from: http://www.clevelandbuddhisttemple.com/meditate.html

Falling over during Walking Meditation!

So, our family traveled to Shambhala mountain retreat just outside of Ft. Collins (no, I’m not necessarily a Buddhist, Shambhala  is also a great place for a secular retreat) for a Thanksgiving Retreat and Renewal. I’m happy to bend your ear for an hour talking about how fun that was (meditation, yoga, hiking and doing tai chi in the spectacular foothills of the Colorado Rockies).

Today, is my time to tell you that I am bad at walking meditation.

For meditation at Shambhala, we sat for 3 sessions of about 90 minutes, with 10 minutes of Walking meditation interspersed during the session. The instructor struck the chime about 15 minutes into our seated session, and up we get, hands held just-so (one hand in a gentle fist, thumb tucked inside, other hand gently cupping, hands held just above the belly button). Then we’re off, striding at about one step per second, perhaps at 3/4 mile per hour (thinking of a treadmill pace) in a big circle around the room, eyes half closed, staying in sync with everyone. I’m working hard (see? doing it wrong to work hard) to empty my mind of everything except how my feet feel on the floor.

Trouble is, I get so involved in thinking “Hmm, when do I shift my weight? Do I land on my heel or my toe? How do I roll my foot for the step? Do I use the outside of my foot more? How much sound am I making? Whoops! going too fast. Whoops, slowed down too much” that I ACTUALLY LOST MY BALANCE and fell out of line. Three sessions of walking meditation, and I LOST BALANCE EVERY TIME.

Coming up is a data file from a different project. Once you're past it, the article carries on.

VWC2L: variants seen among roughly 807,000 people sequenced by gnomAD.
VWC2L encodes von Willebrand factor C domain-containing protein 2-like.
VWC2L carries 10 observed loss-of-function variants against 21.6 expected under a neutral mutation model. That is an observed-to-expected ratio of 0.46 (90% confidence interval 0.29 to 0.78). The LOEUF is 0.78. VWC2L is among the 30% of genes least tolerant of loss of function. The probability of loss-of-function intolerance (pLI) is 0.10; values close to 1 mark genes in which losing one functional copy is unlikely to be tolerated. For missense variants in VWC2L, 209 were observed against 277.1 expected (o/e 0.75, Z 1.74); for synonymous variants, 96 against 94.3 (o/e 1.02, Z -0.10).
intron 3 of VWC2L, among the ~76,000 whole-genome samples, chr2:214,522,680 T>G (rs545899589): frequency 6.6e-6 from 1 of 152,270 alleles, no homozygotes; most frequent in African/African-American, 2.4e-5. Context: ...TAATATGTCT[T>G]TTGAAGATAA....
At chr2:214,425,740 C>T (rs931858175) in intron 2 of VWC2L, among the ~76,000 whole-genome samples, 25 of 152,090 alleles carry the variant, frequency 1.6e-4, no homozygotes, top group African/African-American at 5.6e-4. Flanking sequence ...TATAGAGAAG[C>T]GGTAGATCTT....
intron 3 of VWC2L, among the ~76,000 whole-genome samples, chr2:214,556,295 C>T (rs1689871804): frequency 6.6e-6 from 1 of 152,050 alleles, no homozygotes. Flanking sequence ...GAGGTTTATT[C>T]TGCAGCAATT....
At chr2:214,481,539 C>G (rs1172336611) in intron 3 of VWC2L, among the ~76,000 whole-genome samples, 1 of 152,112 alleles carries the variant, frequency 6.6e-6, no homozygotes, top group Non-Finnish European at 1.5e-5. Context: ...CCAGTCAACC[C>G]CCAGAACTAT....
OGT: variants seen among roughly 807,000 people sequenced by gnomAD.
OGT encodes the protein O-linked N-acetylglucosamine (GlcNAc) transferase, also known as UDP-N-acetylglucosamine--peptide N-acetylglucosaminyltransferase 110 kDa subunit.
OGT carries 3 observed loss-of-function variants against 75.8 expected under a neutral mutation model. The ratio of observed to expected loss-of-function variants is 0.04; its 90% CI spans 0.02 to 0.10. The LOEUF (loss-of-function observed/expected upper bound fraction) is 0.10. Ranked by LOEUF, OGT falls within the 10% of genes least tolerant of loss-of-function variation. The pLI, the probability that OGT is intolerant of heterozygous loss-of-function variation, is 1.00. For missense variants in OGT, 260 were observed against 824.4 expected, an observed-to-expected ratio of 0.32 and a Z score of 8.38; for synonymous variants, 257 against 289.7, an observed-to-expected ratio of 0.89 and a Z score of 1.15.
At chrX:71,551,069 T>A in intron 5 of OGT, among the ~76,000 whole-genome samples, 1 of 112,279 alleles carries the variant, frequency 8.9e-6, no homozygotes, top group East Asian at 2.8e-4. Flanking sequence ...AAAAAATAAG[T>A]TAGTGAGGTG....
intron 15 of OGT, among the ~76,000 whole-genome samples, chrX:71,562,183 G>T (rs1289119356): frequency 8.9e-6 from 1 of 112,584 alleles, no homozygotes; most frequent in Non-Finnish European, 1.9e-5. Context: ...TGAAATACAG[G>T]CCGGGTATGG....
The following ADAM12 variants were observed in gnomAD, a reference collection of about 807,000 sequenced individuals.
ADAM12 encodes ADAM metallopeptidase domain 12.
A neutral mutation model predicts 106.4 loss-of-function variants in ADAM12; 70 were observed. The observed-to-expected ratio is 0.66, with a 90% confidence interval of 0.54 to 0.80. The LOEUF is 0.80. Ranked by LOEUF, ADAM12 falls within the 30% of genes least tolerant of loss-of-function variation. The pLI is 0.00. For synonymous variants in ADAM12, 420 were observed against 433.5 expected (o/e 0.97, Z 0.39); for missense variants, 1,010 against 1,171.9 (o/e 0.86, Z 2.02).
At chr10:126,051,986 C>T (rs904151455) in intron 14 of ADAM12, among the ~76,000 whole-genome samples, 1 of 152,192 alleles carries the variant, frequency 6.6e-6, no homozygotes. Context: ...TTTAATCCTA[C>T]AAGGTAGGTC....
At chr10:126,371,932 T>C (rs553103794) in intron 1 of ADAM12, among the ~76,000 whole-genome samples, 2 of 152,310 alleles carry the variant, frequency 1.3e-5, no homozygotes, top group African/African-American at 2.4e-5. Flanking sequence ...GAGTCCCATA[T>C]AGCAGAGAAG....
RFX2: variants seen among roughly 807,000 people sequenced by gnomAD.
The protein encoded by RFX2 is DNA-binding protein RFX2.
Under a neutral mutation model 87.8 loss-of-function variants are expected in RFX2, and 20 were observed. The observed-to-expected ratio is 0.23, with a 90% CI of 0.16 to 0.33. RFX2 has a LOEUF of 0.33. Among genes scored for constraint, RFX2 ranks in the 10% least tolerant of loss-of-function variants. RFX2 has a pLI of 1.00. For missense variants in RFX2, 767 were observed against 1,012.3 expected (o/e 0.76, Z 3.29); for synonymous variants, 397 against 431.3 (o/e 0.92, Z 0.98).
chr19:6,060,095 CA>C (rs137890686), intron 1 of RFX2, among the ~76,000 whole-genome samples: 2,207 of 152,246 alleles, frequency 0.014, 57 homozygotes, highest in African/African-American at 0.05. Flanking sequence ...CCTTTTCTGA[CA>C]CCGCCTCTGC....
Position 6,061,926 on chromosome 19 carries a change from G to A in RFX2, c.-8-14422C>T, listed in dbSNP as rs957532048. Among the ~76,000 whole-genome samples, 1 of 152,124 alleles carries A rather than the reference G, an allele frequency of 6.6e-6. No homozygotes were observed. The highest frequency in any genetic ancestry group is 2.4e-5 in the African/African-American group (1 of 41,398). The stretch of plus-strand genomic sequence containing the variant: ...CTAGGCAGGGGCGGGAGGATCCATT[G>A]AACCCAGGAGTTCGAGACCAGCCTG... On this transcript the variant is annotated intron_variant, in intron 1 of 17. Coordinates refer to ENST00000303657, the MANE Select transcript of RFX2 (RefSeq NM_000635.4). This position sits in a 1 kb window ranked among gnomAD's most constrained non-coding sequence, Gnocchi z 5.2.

Apparently, I’m bad at this. Gonna keep trying anyway.

Fun fact, I did have a chance to do walking meditation (a bit quicker though) at Denver International Airport, coming back from a trip. I was walking (avoiding the moving walkway) through Terminal C, in a relatively calm area, and half-closed my eyes, picked a spot in the distance, and strode peacefully, focused on breath, for about 100 breaths.

The yards melted away and I felt energized by the end. Hmm. From theory to practice! And I did not fall over. Bonus!

CMIO’s take? More new things to try. Failing is not always bad. Put away your skeptic’s mind from time to time.

CT meditates: a comedy (2) Insight Timer

resting meditate

Well, sure. Some of you with great flexibility might right away achieve the classic meditation pose, with legs crossed, feet upturned into a locked triangle. That is too advanced for me. I prefer sitting in a chair to meditate. Either feet on the ground or even in a nice recliner. Hey, why suffer when meditating? And, I’m a beginner, gimme a break.

So, coming on the journey with me? I’m going to stay with a 3 minute meditation, eyes closed, with just the simple goal of spending 3 minutes in a comfortable pose, and focusing on breath. Then to watch the inevitable stream of thoughts floating by, observing each one as a puffy cloud, letting it just drift by without diving into it, and returning to my breath (All you overachievers out there, feel free to do more).

Want to try something fun? Here’s a free app I’ve found (for both iPhone and Android) called Insight Timer that produces a nice chime to begin and end your 3 minutes.